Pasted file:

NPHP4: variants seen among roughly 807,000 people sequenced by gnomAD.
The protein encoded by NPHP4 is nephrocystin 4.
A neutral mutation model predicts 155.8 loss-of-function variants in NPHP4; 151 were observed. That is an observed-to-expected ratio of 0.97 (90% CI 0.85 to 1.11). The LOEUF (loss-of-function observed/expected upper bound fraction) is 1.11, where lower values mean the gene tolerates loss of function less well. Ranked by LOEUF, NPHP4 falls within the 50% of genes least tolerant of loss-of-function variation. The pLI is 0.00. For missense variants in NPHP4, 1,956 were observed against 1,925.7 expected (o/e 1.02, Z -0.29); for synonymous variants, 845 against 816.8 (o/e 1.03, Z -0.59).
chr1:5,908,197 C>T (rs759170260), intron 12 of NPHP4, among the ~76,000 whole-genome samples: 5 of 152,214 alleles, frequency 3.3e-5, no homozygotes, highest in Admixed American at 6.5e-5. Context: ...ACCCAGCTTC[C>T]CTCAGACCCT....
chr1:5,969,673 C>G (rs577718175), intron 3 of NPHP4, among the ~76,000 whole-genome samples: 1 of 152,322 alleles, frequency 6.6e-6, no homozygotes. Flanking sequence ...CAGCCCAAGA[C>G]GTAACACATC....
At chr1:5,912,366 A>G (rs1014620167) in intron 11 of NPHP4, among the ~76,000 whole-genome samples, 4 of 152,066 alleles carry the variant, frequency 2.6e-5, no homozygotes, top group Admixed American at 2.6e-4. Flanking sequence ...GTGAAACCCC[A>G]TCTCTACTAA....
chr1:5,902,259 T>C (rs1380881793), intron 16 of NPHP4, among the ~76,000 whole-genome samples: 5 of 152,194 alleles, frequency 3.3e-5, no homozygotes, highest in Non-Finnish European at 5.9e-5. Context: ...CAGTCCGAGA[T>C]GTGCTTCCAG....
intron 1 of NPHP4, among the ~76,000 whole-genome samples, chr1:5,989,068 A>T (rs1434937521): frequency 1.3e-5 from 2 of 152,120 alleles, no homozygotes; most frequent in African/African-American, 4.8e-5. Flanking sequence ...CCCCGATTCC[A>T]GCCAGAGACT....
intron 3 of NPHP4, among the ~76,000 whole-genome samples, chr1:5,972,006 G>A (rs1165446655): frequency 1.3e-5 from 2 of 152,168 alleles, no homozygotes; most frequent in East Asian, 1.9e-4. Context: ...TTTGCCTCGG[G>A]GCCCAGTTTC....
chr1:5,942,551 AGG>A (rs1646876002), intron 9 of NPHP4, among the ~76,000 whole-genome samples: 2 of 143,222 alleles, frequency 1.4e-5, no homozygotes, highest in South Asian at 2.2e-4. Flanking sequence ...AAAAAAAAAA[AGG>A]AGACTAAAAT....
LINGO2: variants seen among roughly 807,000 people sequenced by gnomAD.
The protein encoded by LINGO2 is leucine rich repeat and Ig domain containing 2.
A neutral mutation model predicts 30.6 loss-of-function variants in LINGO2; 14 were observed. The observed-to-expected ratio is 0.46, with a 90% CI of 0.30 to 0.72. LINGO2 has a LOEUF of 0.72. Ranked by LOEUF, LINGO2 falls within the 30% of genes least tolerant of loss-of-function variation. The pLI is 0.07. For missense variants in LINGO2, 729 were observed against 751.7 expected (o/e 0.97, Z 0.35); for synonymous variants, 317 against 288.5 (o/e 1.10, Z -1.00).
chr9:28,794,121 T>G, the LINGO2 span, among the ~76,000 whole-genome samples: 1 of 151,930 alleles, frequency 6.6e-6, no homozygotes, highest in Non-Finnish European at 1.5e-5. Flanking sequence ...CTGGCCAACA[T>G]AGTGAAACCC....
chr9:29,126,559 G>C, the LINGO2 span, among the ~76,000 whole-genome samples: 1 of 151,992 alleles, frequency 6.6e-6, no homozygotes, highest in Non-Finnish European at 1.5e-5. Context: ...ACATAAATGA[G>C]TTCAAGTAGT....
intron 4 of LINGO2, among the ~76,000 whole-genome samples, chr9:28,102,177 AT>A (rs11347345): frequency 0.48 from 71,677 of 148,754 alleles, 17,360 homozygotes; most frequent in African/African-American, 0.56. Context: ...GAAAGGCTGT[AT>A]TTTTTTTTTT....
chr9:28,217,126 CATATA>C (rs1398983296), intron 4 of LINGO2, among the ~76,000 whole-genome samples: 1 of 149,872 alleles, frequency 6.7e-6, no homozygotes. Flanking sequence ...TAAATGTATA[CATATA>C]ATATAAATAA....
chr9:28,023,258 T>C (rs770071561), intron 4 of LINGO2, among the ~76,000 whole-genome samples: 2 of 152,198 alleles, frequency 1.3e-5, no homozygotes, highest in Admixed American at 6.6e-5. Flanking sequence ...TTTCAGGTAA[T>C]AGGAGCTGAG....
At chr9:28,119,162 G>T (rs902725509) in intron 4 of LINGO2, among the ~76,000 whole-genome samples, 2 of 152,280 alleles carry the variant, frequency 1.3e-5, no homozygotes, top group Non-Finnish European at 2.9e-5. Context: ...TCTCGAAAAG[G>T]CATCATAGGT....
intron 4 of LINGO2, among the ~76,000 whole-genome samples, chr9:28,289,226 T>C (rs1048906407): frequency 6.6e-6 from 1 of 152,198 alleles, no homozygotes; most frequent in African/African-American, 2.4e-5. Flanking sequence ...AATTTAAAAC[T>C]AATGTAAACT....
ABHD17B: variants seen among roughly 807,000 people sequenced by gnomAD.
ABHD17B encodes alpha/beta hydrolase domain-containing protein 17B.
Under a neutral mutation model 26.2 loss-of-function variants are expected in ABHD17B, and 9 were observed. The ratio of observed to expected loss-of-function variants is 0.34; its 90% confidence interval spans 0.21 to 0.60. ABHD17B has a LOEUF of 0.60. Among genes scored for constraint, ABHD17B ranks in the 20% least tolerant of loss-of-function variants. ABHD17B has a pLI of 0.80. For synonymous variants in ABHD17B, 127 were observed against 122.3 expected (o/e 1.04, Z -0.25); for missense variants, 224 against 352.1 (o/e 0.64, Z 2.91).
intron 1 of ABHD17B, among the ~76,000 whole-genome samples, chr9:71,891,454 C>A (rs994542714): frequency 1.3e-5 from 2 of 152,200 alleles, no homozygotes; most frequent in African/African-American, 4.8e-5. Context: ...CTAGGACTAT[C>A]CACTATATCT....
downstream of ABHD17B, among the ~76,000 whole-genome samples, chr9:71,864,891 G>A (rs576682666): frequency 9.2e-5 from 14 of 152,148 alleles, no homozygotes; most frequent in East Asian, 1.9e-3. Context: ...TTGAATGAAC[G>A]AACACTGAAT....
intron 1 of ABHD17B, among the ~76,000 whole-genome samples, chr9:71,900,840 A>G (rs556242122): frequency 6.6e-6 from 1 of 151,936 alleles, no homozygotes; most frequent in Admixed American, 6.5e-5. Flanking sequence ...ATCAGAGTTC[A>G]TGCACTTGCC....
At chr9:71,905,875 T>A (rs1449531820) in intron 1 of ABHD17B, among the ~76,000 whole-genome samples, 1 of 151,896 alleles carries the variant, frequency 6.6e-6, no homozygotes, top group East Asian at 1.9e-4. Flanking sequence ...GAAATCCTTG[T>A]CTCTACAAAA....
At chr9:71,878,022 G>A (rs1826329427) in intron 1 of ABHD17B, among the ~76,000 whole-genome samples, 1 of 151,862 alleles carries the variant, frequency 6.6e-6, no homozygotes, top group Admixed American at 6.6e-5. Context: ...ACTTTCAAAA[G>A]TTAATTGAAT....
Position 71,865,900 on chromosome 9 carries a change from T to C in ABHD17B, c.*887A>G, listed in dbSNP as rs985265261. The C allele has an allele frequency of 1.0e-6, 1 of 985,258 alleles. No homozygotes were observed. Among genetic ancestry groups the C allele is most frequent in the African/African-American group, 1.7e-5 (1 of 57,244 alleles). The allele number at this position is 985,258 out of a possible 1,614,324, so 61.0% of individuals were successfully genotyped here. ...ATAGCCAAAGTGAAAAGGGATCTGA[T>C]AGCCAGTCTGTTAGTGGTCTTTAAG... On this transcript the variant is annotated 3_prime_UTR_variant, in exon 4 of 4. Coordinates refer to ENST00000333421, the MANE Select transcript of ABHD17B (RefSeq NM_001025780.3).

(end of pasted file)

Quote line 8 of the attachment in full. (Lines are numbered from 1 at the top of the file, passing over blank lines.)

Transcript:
intron 1 of NPHP4, among the ~76,000 whole-genome samples, chr1:5,989,068 A>T (rs1434937521): frequency 1.3e-5 from 2 of 152,120 alleles, no homozygotes; most frequent in African/African-American, 4.8e-5. Flanking sequence ...CCCCGATTCC[A>T]GCCAGAGACT....